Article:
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38

They are file formats for storing font information. TrueType was invented by Apple as a competition to Adobe's PostScript Type1. Both TrueType and PostScript fonts became the standard file formats for fonts for the past 3 decades or so of desktop publishing. In terms of your average designer, the differences between the two are relatively unimportant. ...


13

Adobe offers some great reading on type formats: See Adobe explanations here Excerpts from the link: WHAT IS TRUETYPE? TrueType is a standard for digital type fonts that was developed by Apple Computer, and subsequently licensed to Microsoft Corporation. Each company has made independent extensions to TrueType, which is used in both Windows and ...


10

OpenType technology doesn't allow randomness so ‘randomness’ must be simulated. OpenType ‘randomness’ can be simulated using groups of letters know as alternates. The idea that you could have 3 groups or more of the same letters that rotate; you’d expect to never see the same letter more than once in a word. Unfortunately due to letter combinations, ...


9

Randomness is possible.* You just have to be really smart and really dedicated to make it happen. Serious programming chops required. Most of the very natural looking handwriting fonts you'll find use contextual alternates and complicated ligature substitution. This actually achieves a more natural result than randomization. Some great examples of ...


6

To add to DA01's excellent answer and to provide additional context, OpenType comes in two flavors: TrueType and PostScript. So way back in the day, when Adobe created PostScript, they defined curves in a certain way mathematically. PostScript became wildly popular because it could accurately take things on screen and print them onto paper and it could ...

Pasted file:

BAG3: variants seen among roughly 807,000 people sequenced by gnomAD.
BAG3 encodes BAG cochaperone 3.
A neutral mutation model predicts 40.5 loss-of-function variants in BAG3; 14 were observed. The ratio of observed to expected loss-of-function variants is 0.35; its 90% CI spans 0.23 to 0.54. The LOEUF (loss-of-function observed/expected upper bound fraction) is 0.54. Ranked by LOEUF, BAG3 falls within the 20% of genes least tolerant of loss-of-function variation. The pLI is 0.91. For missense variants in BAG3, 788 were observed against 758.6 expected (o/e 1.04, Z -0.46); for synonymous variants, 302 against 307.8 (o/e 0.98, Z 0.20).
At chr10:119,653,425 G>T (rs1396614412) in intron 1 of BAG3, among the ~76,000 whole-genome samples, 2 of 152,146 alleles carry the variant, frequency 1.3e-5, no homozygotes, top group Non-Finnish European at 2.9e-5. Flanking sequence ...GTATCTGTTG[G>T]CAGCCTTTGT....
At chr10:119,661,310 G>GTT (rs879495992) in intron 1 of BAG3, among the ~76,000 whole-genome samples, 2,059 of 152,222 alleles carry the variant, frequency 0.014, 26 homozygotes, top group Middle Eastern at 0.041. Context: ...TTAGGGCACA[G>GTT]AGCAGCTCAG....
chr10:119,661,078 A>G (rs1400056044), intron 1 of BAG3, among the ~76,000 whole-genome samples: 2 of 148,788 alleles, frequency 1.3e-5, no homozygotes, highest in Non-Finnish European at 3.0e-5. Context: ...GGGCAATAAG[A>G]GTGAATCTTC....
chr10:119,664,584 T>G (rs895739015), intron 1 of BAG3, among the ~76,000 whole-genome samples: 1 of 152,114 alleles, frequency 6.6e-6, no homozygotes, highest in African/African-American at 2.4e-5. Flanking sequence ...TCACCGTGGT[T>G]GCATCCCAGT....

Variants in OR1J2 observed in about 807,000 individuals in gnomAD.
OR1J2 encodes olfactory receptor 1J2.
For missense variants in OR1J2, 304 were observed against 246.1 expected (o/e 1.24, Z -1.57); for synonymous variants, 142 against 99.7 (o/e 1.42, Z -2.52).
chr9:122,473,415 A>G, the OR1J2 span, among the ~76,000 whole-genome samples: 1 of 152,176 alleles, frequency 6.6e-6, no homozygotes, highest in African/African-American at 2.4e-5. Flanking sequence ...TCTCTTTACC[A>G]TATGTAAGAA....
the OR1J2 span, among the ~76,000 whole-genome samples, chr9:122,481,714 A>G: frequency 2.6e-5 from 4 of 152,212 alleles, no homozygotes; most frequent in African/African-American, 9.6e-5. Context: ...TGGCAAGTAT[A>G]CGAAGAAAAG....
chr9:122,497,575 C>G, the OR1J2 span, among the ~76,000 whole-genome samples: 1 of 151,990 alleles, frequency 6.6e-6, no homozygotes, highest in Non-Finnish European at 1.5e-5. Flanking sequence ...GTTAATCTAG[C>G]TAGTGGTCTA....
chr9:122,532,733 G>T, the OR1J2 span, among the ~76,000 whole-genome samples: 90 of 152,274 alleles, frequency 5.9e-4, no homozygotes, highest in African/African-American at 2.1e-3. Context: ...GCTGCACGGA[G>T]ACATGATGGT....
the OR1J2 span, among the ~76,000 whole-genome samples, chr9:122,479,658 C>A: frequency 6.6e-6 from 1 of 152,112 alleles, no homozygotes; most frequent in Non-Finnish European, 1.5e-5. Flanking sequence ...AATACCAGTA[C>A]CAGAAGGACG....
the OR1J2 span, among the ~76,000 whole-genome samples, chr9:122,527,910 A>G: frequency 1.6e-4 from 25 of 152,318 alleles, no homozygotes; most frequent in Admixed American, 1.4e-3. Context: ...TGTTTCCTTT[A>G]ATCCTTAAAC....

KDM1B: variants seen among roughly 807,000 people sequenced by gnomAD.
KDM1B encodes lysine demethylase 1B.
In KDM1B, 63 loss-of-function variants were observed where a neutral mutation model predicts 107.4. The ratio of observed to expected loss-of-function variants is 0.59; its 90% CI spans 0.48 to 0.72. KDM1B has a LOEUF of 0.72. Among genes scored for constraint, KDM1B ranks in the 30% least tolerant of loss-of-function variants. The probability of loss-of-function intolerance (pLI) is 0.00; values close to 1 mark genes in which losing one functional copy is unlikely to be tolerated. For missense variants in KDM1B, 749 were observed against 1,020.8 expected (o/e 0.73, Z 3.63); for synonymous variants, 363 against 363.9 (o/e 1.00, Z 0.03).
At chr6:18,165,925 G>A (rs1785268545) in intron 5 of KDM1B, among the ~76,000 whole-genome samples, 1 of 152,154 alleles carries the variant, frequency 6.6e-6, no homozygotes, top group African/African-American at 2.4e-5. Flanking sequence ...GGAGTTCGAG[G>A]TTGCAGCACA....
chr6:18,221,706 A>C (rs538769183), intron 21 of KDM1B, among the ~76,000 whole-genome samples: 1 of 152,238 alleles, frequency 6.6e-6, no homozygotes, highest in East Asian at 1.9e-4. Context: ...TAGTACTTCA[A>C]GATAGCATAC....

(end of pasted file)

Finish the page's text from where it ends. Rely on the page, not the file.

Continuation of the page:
6

Tavmjong Bah has implemented the font variants in Inkscape, see http://tavmjong.free.fr/blog/?p=1442. This will be available in the upcoming v0.92, but if you're impatient then you can try the development builds


6

Creating a ligature that actually includes a space isn't ideal since spaces are often handled independently of your font (think word-spacing). The liga feature is for ligatures that should be used in normal conditions too, so what you're doing is a bit of a workaround. A better option is to use contextual ligatures (feature: clig). This means you can design ...


5

The way you authenticate a piece of software (a font is a piece of software) is you have a receipt of purchase and a license agreement on paper stored on file. Without these 2 options its nearly impossible to verify ownership. In case of digital stuff you still need to have a paper copy of the money transaction and the license key. Then the vendor can ...


5

For ligatures to be supported in an OpenType font, two things need to be there: the actual ligature glyphs (which you can check by scrolling through the glyph table with a symbol picker etc.) and a glyph substitution table that tells software to replace a sequence of characters by a ligature. There’s a handy piece of software called DTL OTMaster Light (free,...


4